The gemara in Avodah Zara discusses the conversation between Hashem and the world, after Moshiach arrives. He invites everyone to come and get their reward for Torah. The various nations queue up and when He asks why they deserve reward, each of them explains what they did to support the learning of Torah. In the end, Hashem rejects all of their claims, explaining that they did not do it for Torah, they did it for themselves. For example:

אמר להם הקב"ה במאי עסקתם אומרים לפניו רבש"ע הרבה שווקים תקנינו הרבה מרחצאות עשינו הרבה כסף וזהב הרבינו וכולם לא עשינו אלא בשביל ישראל כדי שיתעסקו בתורה

The Gemara returns to its narration of the future judgment. First, the members of the Roman Empire enter. The Holy One, Blessed be He, says to them: With what did you occupy yourselves? They say before Him in response: Master of the Universe, we have established many marketplaces, we have built many bathhouses, and we have increased much silver and gold. And we did all of this only for the sake of the Jewish people, so that they would be free to engage in Torah study.

אמר להם הקב"ה שוטים שבעולם כל מה שעשיתם לצורך עצמכם עשיתם תקנתם שווקים להושיב בהן זונות מרחצאות לעדן בהן עצמכם כסף וזהב שלי הוא שנאמר (חגי ב, ח) לי הכסף ולי הזהב נאם ה' צבאות

The Holy One, Blessed be He, says to them: Fools of the world! Are you attempting to deceive Me? Everything that you did, you did for your own needs. You established marketplaces to place prostitutes in them; you built bathhouses for your own enjoyment; and as for the silver and gold that you claim to have increased, it is Mine, as it is stated: “Mine is the silver, and Mine the gold, said the Lord of hosts” (Haggai 2:8).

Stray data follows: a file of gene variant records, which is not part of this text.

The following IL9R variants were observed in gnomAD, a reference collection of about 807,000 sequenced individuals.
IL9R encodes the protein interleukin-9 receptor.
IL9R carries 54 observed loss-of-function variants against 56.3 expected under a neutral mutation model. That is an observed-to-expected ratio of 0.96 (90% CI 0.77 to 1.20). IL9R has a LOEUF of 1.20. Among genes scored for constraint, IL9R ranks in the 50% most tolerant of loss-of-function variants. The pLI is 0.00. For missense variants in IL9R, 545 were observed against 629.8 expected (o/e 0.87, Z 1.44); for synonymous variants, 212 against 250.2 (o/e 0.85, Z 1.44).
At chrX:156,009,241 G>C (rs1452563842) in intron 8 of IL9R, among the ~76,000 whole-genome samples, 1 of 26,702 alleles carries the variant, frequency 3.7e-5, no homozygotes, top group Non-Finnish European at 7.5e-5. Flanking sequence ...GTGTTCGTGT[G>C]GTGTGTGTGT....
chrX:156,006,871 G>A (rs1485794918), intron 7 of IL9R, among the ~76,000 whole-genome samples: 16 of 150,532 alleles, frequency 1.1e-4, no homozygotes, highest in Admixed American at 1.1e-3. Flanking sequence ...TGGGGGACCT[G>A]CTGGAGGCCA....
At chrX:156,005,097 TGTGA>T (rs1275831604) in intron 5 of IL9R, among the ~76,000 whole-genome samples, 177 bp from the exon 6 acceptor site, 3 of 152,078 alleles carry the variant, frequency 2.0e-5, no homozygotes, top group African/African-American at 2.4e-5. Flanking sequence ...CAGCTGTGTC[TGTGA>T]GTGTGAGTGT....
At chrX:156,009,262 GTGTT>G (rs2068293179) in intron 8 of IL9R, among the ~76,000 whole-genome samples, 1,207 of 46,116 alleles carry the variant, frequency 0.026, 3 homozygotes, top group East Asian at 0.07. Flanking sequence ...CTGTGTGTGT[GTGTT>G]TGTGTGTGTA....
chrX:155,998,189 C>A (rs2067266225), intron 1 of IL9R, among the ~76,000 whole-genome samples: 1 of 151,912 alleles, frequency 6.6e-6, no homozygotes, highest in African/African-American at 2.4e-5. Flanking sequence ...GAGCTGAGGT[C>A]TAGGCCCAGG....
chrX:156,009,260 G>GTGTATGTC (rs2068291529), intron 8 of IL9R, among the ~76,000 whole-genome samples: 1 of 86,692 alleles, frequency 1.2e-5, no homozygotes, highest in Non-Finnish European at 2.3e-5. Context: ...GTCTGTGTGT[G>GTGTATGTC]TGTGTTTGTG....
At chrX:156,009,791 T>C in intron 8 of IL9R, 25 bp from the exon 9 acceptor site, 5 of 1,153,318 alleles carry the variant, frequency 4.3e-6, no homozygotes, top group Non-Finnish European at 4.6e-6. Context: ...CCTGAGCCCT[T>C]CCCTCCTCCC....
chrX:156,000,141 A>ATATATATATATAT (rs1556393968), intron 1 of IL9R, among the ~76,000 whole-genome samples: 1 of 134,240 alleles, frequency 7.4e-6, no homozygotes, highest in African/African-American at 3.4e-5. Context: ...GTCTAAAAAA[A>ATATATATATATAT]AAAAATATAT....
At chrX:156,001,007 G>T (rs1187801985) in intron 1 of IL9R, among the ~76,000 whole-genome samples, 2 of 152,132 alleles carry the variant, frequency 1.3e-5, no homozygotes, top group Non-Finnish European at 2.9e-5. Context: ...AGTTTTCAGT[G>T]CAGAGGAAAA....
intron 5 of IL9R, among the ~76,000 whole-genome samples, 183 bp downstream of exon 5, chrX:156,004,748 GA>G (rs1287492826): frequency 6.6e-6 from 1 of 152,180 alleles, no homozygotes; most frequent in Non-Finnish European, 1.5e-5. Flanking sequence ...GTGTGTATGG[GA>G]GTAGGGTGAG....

[Steinsaltz translation and commentary]

My question is, why do we need to learn this lesson in advance? It's a "prophecy" of sorts (if taken literally), but also it tells us about our situation now. Right now, the nations of the world are self serving, and for some reason, Chazal/Oral Tradition felt it necessary to tell us that. Why?

  • Doesn't that risk creating permanent disdain or animosity between us and the nations?
  • Do we gain anything by forming a cynical attitude towards the nations?
  • What about free will? How can we say for sure that the none of the nations will do teshuva before Moshiach comes?
  • If they can and will, then that doubles the need to know why this story is in gemara, with all the potential negative attitudes and consequences that it brings.
  • What are the positive attitudes and consequences that hearing this lesson will have on us?

These are the preliminary questions that come to my mind, and I'm sure there are others.

  • Not a direct answer, but I would recommend listening to the fantastic shiur from Rav Daniel Glatstein shlita on this topic. This gemara is often repeated by him.
    – Shmuel
    Jan 21 at 21:00


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